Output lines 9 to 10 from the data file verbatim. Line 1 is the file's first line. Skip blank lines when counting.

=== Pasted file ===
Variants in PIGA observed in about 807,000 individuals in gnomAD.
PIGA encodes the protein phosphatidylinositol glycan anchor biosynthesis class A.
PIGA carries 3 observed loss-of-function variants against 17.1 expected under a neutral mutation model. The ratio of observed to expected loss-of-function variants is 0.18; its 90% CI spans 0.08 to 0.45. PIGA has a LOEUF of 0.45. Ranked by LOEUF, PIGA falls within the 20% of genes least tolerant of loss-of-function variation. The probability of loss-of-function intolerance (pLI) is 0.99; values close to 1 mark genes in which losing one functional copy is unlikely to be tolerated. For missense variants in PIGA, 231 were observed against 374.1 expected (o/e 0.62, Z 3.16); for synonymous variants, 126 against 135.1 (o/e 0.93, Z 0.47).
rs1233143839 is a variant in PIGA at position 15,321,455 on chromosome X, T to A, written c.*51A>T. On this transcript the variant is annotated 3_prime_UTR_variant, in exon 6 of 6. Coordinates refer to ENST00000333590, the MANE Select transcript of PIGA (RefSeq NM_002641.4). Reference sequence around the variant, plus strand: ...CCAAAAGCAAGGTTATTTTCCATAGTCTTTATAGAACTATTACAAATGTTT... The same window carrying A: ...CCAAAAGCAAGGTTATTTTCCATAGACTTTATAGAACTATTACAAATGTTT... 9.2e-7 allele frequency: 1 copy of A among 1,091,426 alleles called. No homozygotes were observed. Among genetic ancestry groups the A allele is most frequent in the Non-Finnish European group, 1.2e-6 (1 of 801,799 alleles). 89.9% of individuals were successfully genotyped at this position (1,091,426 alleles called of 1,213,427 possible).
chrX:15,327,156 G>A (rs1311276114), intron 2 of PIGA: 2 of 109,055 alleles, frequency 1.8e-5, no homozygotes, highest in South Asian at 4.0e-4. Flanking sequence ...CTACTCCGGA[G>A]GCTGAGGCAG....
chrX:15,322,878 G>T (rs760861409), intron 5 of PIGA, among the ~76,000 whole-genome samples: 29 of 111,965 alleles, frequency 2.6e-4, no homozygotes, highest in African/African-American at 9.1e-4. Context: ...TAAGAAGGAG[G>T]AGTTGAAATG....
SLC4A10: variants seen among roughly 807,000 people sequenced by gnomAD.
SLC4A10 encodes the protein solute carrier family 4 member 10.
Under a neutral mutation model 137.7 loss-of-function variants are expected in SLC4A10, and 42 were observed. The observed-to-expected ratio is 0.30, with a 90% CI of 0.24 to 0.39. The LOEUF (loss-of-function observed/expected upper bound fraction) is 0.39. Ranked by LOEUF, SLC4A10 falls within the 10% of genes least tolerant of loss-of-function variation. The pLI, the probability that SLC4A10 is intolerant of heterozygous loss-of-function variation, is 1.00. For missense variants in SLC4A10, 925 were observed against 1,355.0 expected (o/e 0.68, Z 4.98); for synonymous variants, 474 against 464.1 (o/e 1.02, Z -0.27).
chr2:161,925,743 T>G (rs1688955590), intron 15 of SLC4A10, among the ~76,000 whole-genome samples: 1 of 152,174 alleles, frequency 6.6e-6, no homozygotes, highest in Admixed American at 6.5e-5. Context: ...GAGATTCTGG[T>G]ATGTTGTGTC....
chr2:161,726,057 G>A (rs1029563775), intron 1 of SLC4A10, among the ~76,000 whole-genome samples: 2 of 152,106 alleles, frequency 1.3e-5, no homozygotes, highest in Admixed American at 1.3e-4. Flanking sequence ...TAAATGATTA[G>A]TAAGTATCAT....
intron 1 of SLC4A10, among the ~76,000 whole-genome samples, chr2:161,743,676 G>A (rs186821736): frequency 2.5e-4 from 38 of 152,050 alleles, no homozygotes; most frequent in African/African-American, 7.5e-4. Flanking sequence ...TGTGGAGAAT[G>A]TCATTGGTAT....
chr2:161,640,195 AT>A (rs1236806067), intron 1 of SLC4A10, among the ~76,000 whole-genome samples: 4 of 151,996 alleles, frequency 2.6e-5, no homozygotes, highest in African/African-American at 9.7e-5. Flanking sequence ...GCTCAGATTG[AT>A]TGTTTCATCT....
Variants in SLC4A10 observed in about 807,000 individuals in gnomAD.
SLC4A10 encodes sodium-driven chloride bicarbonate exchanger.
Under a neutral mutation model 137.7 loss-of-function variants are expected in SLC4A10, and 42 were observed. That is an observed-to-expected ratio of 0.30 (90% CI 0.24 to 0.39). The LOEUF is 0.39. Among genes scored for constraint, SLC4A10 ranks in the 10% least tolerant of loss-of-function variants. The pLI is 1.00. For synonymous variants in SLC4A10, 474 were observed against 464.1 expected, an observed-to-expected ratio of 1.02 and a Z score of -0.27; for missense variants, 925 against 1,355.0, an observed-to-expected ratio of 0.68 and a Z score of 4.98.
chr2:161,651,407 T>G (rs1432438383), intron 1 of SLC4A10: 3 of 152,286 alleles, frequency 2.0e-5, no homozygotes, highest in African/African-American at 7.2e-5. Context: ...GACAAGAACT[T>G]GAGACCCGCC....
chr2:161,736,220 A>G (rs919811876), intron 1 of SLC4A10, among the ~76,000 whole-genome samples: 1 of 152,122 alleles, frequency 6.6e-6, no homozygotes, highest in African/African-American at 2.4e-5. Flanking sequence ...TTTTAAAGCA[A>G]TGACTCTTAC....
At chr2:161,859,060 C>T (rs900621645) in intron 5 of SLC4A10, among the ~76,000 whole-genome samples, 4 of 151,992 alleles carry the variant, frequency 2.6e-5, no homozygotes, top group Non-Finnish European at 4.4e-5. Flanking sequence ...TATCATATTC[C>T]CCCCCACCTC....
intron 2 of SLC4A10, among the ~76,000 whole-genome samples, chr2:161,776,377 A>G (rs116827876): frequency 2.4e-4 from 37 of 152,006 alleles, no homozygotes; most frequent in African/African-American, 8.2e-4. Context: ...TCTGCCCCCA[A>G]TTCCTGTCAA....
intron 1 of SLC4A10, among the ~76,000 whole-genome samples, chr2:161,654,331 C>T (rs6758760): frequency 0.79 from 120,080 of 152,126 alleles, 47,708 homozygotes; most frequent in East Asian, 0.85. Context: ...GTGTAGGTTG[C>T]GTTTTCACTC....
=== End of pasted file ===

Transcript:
Under a neutral mutation model 137.7 loss-of-function variants are expected in SLC4A10, and 42 were observed. The observed-to-expected ratio is 0.30, with a 90% CI of 0.24 to 0.39. The LOEUF (loss-of-function observed/expected upper bound fraction) is 0.39. Ranked by LOEUF, SLC4A10 falls within the 10% of genes least tolerant of loss-of-function variation. The pLI, the probability that SLC4A10 is intolerant of heterozygous loss-of-function variation, is 1.00. For missense variants in SLC4A10, 925 were observed against 1,355.0 expected (o/e 0.68, Z 4.98); for synonymous variants, 474 against 464.1 (o/e 1.02, Z -0.27).
chr2:161,925,743 T>G (rs1688955590), intron 15 of SLC4A10, among the ~76,000 whole-genome samples: 1 of 152,174 alleles, frequency 6.6e-6, no homozygotes, highest in Admixed American at 6.5e-5. Context: ...GAGATTCTGG[T>G]ATGTTGTGTC....